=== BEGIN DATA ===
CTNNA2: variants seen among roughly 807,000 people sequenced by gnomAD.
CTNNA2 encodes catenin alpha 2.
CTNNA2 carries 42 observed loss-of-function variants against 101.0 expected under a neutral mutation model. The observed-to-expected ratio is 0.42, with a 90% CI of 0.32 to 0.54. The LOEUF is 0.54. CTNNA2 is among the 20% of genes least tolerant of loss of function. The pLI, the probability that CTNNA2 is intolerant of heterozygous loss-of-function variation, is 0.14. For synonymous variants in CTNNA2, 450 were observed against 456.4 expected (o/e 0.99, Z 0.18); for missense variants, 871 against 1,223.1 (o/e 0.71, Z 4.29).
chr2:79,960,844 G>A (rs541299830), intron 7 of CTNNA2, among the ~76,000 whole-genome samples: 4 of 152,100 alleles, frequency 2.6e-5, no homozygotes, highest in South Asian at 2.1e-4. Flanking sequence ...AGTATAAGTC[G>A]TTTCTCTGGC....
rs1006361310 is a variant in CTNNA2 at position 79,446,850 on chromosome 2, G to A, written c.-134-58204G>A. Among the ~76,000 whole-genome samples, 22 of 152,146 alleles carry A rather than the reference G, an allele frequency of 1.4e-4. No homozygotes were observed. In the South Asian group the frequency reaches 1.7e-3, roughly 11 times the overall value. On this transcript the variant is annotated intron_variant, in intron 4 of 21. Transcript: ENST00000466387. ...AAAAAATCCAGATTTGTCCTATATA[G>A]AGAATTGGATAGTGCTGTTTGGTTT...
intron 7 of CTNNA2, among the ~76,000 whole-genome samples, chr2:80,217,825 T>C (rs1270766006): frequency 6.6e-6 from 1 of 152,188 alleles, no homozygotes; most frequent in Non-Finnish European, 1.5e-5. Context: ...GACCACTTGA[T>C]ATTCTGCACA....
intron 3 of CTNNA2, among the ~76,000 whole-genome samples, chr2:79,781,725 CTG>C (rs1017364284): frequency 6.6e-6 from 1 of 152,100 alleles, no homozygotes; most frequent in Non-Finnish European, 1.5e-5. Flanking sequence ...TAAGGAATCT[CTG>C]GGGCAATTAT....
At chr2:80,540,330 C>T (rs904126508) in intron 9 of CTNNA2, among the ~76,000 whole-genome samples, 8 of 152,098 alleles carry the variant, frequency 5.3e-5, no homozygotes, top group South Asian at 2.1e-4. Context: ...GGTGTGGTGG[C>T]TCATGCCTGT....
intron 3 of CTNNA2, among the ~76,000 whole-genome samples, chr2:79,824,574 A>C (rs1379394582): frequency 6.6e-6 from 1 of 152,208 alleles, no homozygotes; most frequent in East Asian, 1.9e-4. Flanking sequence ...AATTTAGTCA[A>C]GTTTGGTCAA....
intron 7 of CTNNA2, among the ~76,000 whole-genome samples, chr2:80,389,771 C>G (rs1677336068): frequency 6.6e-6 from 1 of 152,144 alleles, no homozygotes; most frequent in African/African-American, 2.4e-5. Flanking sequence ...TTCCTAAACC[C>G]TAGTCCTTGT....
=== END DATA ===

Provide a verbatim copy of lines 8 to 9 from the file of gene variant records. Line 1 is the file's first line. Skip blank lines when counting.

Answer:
At chr2:80,540,330 C>T (rs904126508) in intron 9 of CTNNA2, among the ~76,000 whole-genome samples, 8 of 152,098 alleles carry the variant, frequency 5.3e-5, no homozygotes, top group South Asian at 2.1e-4. Context: ...GGTGTGGTGG[C>T]TCATGCCTGT....
intron 3 of CTNNA2, among the ~76,000 whole-genome samples, chr2:79,824,574 A>C (rs1379394582): frequency 6.6e-6 from 1 of 152,208 alleles, no homozygotes; most frequent in East Asian, 1.9e-4. Flanking sequence ...AATTTAGTCA[A>C]GTTTGGTCAA....